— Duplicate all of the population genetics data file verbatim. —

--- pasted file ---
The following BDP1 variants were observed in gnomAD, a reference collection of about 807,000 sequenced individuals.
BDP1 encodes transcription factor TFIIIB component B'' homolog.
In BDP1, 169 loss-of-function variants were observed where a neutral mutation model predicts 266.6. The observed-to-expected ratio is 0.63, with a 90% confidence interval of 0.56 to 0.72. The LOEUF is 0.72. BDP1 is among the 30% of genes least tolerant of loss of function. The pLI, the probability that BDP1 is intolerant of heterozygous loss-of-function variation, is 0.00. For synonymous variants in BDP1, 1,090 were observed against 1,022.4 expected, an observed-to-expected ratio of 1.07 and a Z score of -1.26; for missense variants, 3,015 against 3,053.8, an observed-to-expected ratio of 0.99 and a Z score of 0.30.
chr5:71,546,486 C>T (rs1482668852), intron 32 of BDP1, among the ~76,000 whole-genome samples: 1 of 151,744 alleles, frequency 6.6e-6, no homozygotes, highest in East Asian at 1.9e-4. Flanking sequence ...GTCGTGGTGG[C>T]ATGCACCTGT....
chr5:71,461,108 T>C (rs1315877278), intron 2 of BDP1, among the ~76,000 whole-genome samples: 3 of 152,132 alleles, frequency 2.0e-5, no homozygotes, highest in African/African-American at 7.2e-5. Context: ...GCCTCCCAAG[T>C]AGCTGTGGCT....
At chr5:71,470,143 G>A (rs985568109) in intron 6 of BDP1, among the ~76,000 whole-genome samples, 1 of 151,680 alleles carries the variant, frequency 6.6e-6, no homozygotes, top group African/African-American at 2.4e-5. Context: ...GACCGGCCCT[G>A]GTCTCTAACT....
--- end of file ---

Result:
The following BDP1 variants were observed in gnomAD, a reference collection of about 807,000 sequenced individuals.
BDP1 encodes transcription factor TFIIIB component B'' homolog.
In BDP1, 169 loss-of-function variants were observed where a neutral mutation model predicts 266.6. The observed-to-expected ratio is 0.63, with a 90% confidence interval of 0.56 to 0.72. The LOEUF is 0.72. BDP1 is among the 30% of genes least tolerant of loss of function. The pLI, the probability that BDP1 is intolerant of heterozygous loss-of-function variation, is 0.00. For synonymous variants in BDP1, 1,090 were observed against 1,022.4 expected, an observed-to-expected ratio of 1.07 and a Z score of -1.26; for missense variants, 3,015 against 3,053.8, an observed-to-expected ratio of 0.99 and a Z score of 0.30.
chr5:71,546,486 C>T (rs1482668852), intron 32 of BDP1, among the ~76,000 whole-genome samples: 1 of 151,744 alleles, frequency 6.6e-6, no homozygotes, highest in East Asian at 1.9e-4. Flanking sequence ...GTCGTGGTGG[C>T]ATGCACCTGT....
chr5:71,461,108 T>C (rs1315877278), intron 2 of BDP1, among the ~76,000 whole-genome samples: 3 of 152,132 alleles, frequency 2.0e-5, no homozygotes, highest in African/African-American at 7.2e-5. Context: ...GCCTCCCAAG[T>C]AGCTGTGGCT....
At chr5:71,470,143 G>A (rs985568109) in intron 6 of BDP1, among the ~76,000 whole-genome samples, 1 of 151,680 alleles carries the variant, frequency 6.6e-6, no homozygotes, top group African/African-American at 2.4e-5. Context: ...GACCGGCCCT[G>A]GTCTCTAACT....